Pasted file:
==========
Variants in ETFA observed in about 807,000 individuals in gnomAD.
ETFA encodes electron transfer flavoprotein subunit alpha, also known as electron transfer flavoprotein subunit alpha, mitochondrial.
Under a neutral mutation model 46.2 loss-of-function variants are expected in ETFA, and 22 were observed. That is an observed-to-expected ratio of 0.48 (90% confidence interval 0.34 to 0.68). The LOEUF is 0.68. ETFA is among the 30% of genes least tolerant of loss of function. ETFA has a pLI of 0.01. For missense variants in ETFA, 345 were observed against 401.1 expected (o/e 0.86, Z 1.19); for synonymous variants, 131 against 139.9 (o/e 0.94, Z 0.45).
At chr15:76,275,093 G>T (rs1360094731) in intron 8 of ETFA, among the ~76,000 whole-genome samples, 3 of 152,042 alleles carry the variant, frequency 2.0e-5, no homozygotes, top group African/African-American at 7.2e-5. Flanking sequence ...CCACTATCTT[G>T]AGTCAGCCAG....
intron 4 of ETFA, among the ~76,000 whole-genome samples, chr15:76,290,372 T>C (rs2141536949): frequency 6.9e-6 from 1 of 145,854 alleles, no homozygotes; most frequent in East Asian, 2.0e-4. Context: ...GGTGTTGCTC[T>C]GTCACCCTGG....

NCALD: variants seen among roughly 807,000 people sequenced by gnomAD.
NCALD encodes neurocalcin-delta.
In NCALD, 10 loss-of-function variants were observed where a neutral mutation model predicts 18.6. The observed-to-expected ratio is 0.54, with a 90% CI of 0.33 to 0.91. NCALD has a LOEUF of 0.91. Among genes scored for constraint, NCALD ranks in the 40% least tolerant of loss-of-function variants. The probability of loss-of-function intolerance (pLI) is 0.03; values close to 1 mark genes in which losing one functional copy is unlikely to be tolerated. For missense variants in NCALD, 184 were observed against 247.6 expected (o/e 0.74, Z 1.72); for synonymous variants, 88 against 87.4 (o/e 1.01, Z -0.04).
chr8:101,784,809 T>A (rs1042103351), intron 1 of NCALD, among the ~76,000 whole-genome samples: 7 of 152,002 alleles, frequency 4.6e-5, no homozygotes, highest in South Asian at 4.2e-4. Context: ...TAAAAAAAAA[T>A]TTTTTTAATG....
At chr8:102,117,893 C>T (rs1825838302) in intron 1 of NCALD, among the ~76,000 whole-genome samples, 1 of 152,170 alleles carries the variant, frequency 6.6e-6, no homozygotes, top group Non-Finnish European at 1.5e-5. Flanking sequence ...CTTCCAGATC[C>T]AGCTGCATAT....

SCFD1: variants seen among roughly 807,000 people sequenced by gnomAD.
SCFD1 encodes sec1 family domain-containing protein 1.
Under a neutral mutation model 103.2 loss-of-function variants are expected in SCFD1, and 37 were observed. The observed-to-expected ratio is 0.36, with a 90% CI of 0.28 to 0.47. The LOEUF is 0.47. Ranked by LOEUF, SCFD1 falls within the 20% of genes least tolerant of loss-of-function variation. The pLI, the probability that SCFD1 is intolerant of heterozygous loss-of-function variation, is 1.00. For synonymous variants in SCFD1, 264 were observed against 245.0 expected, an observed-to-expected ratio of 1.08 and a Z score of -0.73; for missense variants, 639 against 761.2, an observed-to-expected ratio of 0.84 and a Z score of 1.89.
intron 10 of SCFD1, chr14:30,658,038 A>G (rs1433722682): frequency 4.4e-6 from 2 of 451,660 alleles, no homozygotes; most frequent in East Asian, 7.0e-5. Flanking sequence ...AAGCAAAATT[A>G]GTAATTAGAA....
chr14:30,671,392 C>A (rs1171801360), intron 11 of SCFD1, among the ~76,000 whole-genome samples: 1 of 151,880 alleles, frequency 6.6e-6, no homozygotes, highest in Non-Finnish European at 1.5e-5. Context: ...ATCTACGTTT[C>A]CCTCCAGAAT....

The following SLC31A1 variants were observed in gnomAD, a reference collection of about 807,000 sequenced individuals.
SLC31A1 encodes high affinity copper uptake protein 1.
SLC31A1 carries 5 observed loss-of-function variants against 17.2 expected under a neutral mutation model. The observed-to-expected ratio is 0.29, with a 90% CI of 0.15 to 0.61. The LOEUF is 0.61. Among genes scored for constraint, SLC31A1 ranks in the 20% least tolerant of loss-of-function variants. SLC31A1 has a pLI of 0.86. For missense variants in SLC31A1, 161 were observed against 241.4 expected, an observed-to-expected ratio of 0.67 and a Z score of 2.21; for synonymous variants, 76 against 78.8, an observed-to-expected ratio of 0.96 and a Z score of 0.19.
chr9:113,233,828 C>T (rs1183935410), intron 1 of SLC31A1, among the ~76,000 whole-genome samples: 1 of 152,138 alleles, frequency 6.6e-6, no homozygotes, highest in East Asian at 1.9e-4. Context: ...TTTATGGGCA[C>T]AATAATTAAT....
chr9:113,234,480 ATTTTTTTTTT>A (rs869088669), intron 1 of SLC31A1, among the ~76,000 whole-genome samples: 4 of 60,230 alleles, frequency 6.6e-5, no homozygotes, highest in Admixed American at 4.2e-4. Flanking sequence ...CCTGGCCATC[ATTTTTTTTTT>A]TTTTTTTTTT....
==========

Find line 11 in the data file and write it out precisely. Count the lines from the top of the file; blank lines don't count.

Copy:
SCFD1: variants seen among roughly 807,000 people sequenced by gnomAD.